Malbecs Pair Perfectly with Cooking Over a Fire or an Argentinian Asado

The Baroness and Korinne Munson of Moet Hennessy harvest Malbec grapes

After a two-hour drive southwest of Mendoza city into the Uco Valley, we arrived at Lican Vineyard at 3,750 feet above sea level in the foothills of the Andes. The vineyard was recently acquired by Terrazas de los Andes and is proving to have outstanding terroir. The Malbec grapes have a long growing season here with hot days, cold nights and winds from the Andes causing great temperature variation, all contributing to wines that express intense aromas.

A tent was set up in the vineyard, and we had a comparative tasting of single-parcel, single-vineyard wines. We tasted Los Castaños from 60-year-old vines, which displayed cherry, plum, rosemary and violet notes. The second wine came from the vineyard to the north, Las Compuertas, which has 100-year-old vines and had concentrated flavors of black fruit, nutmeg and tobacco. These single vineyards are the new face of Argentina’s high quality Malbecs.

I traveled here for an “Epi-Curious” event given by Terrazas de los Andes and its sister winery, Cheval des Andes, Mendoza’s Premier Cru teaming up the winemakers of Cheval Blanc in Saint-Émilion with Terrazas. The day included a grilling lesson with Peter Kaminsky, who wrote two books with Argentine grilling master chef Francis Mallmann and just came out with The Essential New York Times Grilling Cookbook.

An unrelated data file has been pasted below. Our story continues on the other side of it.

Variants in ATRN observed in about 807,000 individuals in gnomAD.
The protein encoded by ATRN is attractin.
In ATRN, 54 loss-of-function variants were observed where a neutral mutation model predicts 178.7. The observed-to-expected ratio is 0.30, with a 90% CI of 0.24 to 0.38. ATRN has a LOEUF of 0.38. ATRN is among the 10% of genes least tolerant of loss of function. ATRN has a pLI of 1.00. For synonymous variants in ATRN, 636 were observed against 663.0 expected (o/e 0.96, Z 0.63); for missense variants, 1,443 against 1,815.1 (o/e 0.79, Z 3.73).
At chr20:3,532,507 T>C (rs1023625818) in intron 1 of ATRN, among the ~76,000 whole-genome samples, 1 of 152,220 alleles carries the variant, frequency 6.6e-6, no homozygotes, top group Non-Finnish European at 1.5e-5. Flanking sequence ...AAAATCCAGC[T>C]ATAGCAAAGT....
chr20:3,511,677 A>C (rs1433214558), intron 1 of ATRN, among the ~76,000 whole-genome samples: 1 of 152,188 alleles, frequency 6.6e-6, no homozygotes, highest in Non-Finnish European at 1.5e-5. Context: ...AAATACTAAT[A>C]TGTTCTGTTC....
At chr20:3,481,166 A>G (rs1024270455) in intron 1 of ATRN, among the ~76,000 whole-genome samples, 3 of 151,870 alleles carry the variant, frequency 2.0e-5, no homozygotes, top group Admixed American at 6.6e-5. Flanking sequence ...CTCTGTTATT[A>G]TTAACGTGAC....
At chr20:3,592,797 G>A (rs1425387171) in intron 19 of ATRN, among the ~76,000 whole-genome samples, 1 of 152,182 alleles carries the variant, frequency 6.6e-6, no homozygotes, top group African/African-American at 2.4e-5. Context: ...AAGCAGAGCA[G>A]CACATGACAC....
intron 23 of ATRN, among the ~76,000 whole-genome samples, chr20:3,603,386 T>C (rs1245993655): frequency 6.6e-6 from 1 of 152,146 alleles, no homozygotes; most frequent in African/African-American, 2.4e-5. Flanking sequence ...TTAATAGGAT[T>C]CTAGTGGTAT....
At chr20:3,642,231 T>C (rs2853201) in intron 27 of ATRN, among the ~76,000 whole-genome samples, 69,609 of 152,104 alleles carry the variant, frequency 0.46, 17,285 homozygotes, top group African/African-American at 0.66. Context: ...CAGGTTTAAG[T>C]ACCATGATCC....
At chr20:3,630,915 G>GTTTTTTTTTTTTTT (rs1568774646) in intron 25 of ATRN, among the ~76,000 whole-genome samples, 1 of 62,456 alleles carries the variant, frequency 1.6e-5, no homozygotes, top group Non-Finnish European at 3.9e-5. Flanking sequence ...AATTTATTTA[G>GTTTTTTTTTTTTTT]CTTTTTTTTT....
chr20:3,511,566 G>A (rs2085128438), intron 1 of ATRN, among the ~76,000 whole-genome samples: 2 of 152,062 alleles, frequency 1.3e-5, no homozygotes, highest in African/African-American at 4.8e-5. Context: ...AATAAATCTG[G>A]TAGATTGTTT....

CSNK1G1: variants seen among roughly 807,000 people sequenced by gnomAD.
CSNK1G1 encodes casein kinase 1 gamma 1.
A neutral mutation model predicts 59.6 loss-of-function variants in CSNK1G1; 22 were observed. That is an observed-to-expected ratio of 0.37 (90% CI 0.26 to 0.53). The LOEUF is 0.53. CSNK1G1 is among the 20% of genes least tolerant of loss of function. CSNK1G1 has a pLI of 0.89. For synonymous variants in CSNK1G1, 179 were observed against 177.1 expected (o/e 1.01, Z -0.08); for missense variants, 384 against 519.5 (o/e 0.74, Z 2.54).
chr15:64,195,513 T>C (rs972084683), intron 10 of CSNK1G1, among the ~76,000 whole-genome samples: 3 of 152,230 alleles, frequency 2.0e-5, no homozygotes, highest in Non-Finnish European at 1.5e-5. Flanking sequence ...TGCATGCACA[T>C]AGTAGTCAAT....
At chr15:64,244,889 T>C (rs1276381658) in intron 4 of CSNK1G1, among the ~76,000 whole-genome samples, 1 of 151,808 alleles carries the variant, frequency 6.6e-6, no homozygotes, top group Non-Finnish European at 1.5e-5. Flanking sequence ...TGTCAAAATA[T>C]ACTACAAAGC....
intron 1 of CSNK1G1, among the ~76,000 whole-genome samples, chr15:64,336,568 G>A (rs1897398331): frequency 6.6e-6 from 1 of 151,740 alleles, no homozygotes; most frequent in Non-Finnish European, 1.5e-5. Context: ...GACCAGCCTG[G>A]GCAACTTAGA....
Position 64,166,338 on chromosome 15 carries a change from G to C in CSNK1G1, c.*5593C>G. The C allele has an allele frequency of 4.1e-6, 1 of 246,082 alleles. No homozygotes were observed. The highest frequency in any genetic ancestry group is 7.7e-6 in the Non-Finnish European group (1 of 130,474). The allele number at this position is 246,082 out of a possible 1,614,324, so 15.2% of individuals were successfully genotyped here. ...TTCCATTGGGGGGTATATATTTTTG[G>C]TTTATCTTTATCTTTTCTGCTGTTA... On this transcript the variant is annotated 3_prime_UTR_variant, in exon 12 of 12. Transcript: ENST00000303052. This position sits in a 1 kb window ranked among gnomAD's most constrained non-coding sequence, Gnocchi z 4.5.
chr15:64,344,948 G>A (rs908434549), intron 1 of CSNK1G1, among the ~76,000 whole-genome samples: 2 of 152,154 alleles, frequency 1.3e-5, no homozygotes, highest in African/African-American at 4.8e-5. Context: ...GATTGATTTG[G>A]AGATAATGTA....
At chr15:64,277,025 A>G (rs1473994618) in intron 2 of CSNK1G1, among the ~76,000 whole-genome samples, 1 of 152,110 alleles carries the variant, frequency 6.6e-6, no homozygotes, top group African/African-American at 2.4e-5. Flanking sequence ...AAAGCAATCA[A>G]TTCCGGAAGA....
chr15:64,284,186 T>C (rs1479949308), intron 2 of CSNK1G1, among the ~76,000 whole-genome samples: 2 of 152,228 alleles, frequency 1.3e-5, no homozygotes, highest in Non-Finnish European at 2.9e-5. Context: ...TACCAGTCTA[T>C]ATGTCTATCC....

Terrazas Vineyards

Kaminsky, who once grilled a 1,400-pound whole cow (it took 14 hours), was full of tips: “the bigger the piece, the lower the fire,” “whole animals—goose, duck, pig—are always the most festive.” He explained how to adjust the level of the coals by holding a hand over the heat: For a thick pork chop, count seven Mississippi’s before you must pull your hand away.

He worked alongside Terrazas chef Marcos Zabaleta to prepare a traditional Argentine asado, which included thick pork chops, blood sausage, sweetbreads, beef ribs and empanadas. The winemakers were on hand to discuss wine pairings. Gonzalo Carrasco—who had just returned from the harvest at the Salta Vineyards—served us a cool glass of Terrazas Reserva Torrontés, which is the most aromatic and floral wine. Gustavo Ursomarso, who’s in charge of the vineyards, poured the fruit-forward Reserva Malbec to pair with the beef empanadas. 

Beef empanadas

Herve Birnie-Scott, estate director, offered the luscious Cheval des Andes to match with the pork chops. Next, he offered the most seductive wine of all, Los Aromos, a Cabernet-based single vineyard expression with concentrated cassis, plum and smoky notes.

Enveloped in wood smoke and surrounded by chefs and winemakers, I couldn’t have been happier. Manuel Debandi, Terrazas’ young grill master with movie-star looks, told me that the men in Argentina live to create fires. “To get the girls, we go out to dance all smoky after just preparing the asado.” Years from now, the mere smell of smoke along with a glass of Malbec will transport me back to Mendoza.

A version of this article appeared in the July/August 2014 issue of Connecticut Cottages & Gardens with the headline: Wines to Grill By